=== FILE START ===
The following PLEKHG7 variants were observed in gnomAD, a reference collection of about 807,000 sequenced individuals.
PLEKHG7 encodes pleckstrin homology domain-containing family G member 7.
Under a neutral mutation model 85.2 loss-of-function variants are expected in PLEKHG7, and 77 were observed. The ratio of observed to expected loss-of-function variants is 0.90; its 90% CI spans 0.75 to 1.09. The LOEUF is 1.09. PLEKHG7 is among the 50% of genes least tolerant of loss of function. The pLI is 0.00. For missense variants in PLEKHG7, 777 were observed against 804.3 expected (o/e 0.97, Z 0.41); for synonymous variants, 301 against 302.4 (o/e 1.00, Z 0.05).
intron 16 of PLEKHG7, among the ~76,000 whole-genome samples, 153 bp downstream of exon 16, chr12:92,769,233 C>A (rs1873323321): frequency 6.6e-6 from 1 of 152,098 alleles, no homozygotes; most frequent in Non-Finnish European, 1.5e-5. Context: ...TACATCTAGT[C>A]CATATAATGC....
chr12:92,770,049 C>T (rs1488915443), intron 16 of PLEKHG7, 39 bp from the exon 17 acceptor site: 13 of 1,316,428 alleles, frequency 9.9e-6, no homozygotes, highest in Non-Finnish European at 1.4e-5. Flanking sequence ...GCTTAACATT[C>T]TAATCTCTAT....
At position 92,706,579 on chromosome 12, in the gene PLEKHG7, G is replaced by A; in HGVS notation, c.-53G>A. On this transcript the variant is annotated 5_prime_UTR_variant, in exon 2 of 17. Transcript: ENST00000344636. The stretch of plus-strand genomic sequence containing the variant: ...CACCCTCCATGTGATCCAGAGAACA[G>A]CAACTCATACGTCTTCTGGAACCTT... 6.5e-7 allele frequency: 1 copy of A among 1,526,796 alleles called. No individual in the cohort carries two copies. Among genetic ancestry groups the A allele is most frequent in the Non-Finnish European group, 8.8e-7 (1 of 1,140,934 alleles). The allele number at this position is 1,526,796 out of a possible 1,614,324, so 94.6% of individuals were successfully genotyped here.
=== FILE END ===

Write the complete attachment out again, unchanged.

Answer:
The following PLEKHG7 variants were observed in gnomAD, a reference collection of about 807,000 sequenced individuals.
PLEKHG7 encodes pleckstrin homology domain-containing family G member 7.
Under a neutral mutation model 85.2 loss-of-function variants are expected in PLEKHG7, and 77 were observed. The ratio of observed to expected loss-of-function variants is 0.90; its 90% CI spans 0.75 to 1.09. The LOEUF is 1.09. PLEKHG7 is among the 50% of genes least tolerant of loss of function. The pLI is 0.00. For missense variants in PLEKHG7, 777 were observed against 804.3 expected (o/e 0.97, Z 0.41); for synonymous variants, 301 against 302.4 (o/e 1.00, Z 0.05).
intron 16 of PLEKHG7, among the ~76,000 whole-genome samples, 153 bp downstream of exon 16, chr12:92,769,233 C>A (rs1873323321): frequency 6.6e-6 from 1 of 152,098 alleles, no homozygotes; most frequent in Non-Finnish European, 1.5e-5. Context: ...TACATCTAGT[C>A]CATATAATGC....
chr12:92,770,049 C>T (rs1488915443), intron 16 of PLEKHG7, 39 bp from the exon 17 acceptor site: 13 of 1,316,428 alleles, frequency 9.9e-6, no homozygotes, highest in Non-Finnish European at 1.4e-5. Flanking sequence ...GCTTAACATT[C>T]TAATCTCTAT....
At position 92,706,579 on chromosome 12, in the gene PLEKHG7, G is replaced by A; in HGVS notation, c.-53G>A. On this transcript the variant is annotated 5_prime_UTR_variant, in exon 2 of 17. Transcript: ENST00000344636. The stretch of plus-strand genomic sequence containing the variant: ...CACCCTCCATGTGATCCAGAGAACA[G>A]CAACTCATACGTCTTCTGGAACCTT... 6.5e-7 allele frequency: 1 copy of A among 1,526,796 alleles called. No individual in the cohort carries two copies. Among genetic ancestry groups the A allele is most frequent in the Non-Finnish European group, 8.8e-7 (1 of 1,140,934 alleles). The allele number at this position is 1,526,796 out of a possible 1,614,324, so 94.6% of individuals were successfully genotyped here.